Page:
Governor signs wolf management legislation to support conflict prevention, expand compensation
OLYMPIA - Gov. Jay Inslee today signed legislation that will provide state wildlife managers more resources to prevent wolf-livestock conflict and expand criteria for compensation to livestock owners for wolf-related losses.
Senate Bill 5193, requested by the Washington Department of Fish and Wildlife (WDFW) and prime-sponsored by Sen. John Smith, R-Colville, was supported by a broad cross-section of interest groups.
"The gray wolf population is recovering quickly in Washington," said Inslee. "This bill received bipartisan support from legislators across the state because it represents a practical, realistic approach to minimizing wolf-livestock conflict while recognizing the need for fair compensation to ranchers and farmers."
WDFW Director Phil Anderson said the department appreciates the Governor's support for the bill and the efforts of both Republican and Democratic legislators to get it passed. "Washington state is committed to wolf recovery, but sustainable recovery requires that we address the legitimate needs of farmers, ranchers and other residents of the communities that are on the front line of wolf recovery," he said. "This bill does that."
As signed by the Governor, SB 5193:
- Increases the state's personalized license plate fee by $10, effective Oct. 1, 2013, with the proceeds to support WDFW's efforts to monitor wolf recovery and prevent wolf-livestock conflict in collaboration with farmers, ranchers and local governments, and to compensate livestock owners. The Department of Licensing estimates the fee will raise more than $1.5 million during the upcoming two-year budget cycle.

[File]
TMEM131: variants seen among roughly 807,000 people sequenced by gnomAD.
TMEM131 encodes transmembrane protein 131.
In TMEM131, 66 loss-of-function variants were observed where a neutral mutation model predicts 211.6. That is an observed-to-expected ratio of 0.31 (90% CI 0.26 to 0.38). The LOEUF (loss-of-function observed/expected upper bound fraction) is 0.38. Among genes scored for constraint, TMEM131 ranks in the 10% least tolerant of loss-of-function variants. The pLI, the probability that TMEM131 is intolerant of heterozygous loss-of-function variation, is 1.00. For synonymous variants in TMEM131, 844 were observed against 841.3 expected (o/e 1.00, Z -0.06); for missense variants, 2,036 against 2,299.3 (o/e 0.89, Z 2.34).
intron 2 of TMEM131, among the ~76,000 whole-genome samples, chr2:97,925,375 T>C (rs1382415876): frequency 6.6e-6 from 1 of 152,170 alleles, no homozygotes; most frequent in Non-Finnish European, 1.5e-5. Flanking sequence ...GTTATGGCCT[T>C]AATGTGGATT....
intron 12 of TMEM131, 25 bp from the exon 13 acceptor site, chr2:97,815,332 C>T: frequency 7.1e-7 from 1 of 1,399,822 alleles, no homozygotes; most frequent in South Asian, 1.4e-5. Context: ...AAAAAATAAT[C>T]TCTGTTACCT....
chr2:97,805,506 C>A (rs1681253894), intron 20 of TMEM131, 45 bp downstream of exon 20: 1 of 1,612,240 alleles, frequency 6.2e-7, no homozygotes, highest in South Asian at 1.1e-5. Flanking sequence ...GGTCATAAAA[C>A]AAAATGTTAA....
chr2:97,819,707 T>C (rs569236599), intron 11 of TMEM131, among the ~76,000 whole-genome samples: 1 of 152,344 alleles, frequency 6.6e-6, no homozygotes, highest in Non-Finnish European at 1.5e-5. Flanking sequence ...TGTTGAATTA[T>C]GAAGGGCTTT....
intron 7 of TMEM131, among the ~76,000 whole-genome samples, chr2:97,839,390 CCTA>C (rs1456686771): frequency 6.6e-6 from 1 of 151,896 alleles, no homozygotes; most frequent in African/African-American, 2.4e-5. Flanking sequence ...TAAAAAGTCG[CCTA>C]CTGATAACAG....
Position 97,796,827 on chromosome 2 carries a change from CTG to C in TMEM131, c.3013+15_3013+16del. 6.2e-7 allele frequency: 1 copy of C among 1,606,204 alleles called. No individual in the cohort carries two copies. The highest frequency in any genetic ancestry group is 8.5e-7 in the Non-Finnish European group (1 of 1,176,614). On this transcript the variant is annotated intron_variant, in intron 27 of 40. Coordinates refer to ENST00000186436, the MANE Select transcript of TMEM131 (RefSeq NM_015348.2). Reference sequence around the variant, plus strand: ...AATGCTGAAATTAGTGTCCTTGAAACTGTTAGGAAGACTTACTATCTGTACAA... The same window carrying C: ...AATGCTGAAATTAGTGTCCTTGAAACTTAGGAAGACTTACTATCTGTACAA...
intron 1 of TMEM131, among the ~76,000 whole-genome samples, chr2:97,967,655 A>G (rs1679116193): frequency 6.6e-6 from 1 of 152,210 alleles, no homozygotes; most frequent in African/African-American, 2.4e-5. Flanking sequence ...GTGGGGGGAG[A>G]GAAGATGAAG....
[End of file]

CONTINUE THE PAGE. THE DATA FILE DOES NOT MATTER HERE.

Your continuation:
- Allows WDFW to compensate livestock owners for their losses at the current market value of the animals.
- Permits compensation regardless of whether livestock owners were raising the animals for commercial purposes.
- Revises other elements of state law to make it more consistent with the state's 2011 Wolf Conservation and Management Plan as adopted by the state Fish and Wildlife Commission.
State wildlife managers estimate between 50 and 100 gray wolves are present in the state, and that the wolf population nearly doubled in 2012. As of March, there were 10 confirmed packs and two suspected packs, plus two packs with dens in Oregon and British Columbia whose members range into the state. Most of the confirmed packs are found in Okanogan, Ferry, Stevens and Pend Oreille counties.
Nate Pamplin, the WDFW wildlife program director, said broad support for SB 5193 sends a clear signal about the importance of collaboration to support long-term wolf recovery while respecting community values. The final version of the bill passed the Senate 43-1 and the House 96-2.
"By supporting key elements of the wolf management plan - monitoring, conflict prevention and compensation - this new law furthers wolf recovery and acknowledges the impacts on farmers, ranchers and local communities," Pamplin said.
Pamplin urged residents to contact the nearest WDFW office for assistance with measures to prevent wolf-livestock conflict. Also, he said, people can call a WDFW hotline at 1-877-933-9847 or use the website (http://wdfw.wa.gov/conservation/gray_wolf/) to report wolf sightings or suspected attacks.